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Re: factoring of DAV services

From: Larry Masinter <masinter@parc.xerox.com>
Date: Tue, 6 May 1997 09:03:06 PDT
Message-ID: <336F563A.1E9@parc.xerox.com>
To: Sankar Virdhagriswaran <sv@hunchuen.crystaliz.com>
CC: w3c-dist-auth@w3.org
> By stoping at the "resource" boundry and also by not separating the
> services offered by a DAV system we are not scaling the DAV system itself.
> Here are some examples. 

Since we're talking at the abstract layer, it's easy to generate
misunderstanding.
A "resource" is in fact a service; an object, if you will.

(I'd disagree with the post that we're not adopting an "object-oriented"
framework; I think the 'web' is object-oriented in that resources are
the objects, URLs are object pointers, although web resources normally
only offer methods of GET, PUT and POST, although we're considering
additional resource-based methods; insofar as we add additional methods,
it ties the delivery of services to those transports that offer
additional methods.)

We've noted, for example, that the resource of "the source" is a
different resource from "the generated content", with a link
relationship of derived-from. So you can 'get the source' by applying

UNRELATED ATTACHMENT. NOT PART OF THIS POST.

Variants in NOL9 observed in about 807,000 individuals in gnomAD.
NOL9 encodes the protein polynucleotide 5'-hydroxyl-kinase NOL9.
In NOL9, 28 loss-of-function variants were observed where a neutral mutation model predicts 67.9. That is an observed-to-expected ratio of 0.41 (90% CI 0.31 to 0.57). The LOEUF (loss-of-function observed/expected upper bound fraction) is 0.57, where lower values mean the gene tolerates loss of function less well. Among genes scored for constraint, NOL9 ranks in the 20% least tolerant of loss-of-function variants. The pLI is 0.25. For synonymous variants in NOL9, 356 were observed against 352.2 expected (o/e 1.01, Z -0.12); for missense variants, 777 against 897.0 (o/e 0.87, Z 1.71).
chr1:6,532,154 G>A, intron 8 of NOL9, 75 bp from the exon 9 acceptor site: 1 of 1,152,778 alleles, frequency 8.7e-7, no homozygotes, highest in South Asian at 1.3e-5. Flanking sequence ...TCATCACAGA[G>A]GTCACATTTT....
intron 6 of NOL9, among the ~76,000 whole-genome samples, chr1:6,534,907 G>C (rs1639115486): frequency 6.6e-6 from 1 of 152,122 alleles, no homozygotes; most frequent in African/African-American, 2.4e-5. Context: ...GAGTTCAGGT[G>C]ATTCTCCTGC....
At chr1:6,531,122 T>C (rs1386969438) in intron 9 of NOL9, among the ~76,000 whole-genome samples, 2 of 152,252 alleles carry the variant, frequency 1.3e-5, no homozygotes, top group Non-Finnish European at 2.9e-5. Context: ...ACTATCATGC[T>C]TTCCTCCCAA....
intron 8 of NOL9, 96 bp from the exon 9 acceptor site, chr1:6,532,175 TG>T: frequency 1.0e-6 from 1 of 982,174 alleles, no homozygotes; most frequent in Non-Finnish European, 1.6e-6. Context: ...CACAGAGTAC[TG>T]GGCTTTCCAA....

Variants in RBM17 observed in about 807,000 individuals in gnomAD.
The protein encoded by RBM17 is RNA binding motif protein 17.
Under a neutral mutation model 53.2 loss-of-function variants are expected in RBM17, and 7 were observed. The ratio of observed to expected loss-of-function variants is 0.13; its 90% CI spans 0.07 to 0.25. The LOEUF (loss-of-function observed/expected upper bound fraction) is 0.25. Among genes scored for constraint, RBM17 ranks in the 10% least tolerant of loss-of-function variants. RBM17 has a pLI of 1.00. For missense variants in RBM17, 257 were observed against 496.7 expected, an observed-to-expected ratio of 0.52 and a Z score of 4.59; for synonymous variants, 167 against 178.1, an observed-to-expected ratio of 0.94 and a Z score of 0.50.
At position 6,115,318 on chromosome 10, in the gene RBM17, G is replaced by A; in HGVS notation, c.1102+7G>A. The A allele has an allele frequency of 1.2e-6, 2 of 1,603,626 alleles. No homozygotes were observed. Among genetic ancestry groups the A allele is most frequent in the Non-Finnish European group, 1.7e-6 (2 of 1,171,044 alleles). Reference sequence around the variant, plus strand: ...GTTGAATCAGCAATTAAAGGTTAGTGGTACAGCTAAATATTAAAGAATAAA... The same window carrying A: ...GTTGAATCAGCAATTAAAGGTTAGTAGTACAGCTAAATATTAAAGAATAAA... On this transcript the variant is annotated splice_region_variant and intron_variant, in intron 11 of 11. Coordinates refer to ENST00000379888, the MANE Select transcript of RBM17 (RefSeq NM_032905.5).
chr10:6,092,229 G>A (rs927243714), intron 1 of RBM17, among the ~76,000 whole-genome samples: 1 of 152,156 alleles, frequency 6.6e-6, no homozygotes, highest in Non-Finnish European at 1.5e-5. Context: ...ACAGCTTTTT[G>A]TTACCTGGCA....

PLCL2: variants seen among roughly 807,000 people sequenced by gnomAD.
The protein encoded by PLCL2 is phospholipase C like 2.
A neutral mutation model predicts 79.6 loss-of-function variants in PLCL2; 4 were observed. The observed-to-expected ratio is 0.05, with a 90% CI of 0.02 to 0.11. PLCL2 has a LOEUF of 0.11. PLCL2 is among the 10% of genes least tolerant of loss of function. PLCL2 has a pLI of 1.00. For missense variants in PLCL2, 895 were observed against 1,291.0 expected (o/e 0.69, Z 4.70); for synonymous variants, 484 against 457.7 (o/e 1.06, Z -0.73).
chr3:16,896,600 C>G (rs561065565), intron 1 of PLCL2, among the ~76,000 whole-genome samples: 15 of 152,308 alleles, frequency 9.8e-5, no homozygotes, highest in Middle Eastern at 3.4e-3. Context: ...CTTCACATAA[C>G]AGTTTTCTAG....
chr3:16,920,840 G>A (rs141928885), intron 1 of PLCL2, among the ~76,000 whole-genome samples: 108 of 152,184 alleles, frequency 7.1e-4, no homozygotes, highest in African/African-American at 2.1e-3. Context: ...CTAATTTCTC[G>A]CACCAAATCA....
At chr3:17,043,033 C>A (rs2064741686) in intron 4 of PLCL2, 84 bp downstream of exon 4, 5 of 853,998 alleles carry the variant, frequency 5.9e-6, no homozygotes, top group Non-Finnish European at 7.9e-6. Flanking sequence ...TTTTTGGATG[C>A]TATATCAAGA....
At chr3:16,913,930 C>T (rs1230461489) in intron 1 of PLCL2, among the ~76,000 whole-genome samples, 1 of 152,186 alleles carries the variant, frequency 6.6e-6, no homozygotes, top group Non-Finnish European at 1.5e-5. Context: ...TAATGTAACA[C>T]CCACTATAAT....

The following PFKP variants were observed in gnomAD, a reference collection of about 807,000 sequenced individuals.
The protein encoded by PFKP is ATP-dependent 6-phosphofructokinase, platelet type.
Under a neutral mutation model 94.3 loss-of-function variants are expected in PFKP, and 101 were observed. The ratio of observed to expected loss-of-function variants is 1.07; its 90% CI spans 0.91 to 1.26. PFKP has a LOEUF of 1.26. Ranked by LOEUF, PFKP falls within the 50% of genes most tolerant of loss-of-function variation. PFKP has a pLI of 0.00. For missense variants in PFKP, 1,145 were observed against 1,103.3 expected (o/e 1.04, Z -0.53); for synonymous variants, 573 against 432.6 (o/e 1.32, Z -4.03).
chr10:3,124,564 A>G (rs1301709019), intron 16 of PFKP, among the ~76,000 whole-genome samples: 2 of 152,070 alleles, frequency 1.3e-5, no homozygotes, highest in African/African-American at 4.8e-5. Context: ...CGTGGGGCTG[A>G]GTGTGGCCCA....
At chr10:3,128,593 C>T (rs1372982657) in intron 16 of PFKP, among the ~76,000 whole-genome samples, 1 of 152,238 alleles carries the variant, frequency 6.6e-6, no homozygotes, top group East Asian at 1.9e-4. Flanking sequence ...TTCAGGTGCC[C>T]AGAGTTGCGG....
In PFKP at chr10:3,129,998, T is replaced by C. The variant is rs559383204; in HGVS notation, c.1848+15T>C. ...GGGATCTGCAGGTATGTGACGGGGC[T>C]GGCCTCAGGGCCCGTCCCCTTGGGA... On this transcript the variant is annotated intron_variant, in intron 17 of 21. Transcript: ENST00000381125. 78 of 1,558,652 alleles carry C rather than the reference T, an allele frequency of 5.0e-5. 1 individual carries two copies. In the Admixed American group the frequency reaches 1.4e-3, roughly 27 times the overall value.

the GET method to the source instead of applying it to the derived
content, e.g., for web pages with server-side includes. However, with
this choice, we're also allowing the source and the generated content to
be on separate machines.

Scalability and distribution are good properties in the abstract, but in
practice, it's possible to carry the abstract goal farther than
necessary, while at the same time, burdening the implementations with
too many levels of indirection. So we need to carefully balance the
separation of objects against actual practical needs.

The main "scalable" case I'd like to argue for, for DAV (and perhaps
this is a request to add something to the requirements document) is that
it should be possible to do authoring against a completely separate
machine than the machine(s) that are actually serving the content being
authored. 

I'm imagining for security & firewall considerations, as well as for
load distribution, that one might want to have a separate server which
handles all authenticated operations of update, but that, as far as the
user and client are concerned, they *start* with the web server. That
is, if you have "davserver.host.dom" and "www.host.dom", you might find
that the URLs for the version tree, the source of documents, etc., are
all "http://davserver.host.dom", even though the documents that you're
actually authoring are "www.host.dom". It should be possible to not have
to authenticate against the machine that is actually serving the
documents.

> This is why I wondered if a service model had been developed.

Your scenarios are interesting; the question is whether a standard
should dictate a service model, or just allow a wide variety of service
models. Although any product architecture needs a service model, we're
clearly trying to support "all of them". Perhaps we should instead try
to focus on just documenting the service models of the products that
we're trying to support.

Larry
--
http://www.parc.xerox.com/masinter
Received on Tuesday, 6 May 1997 12:26:29 GMT

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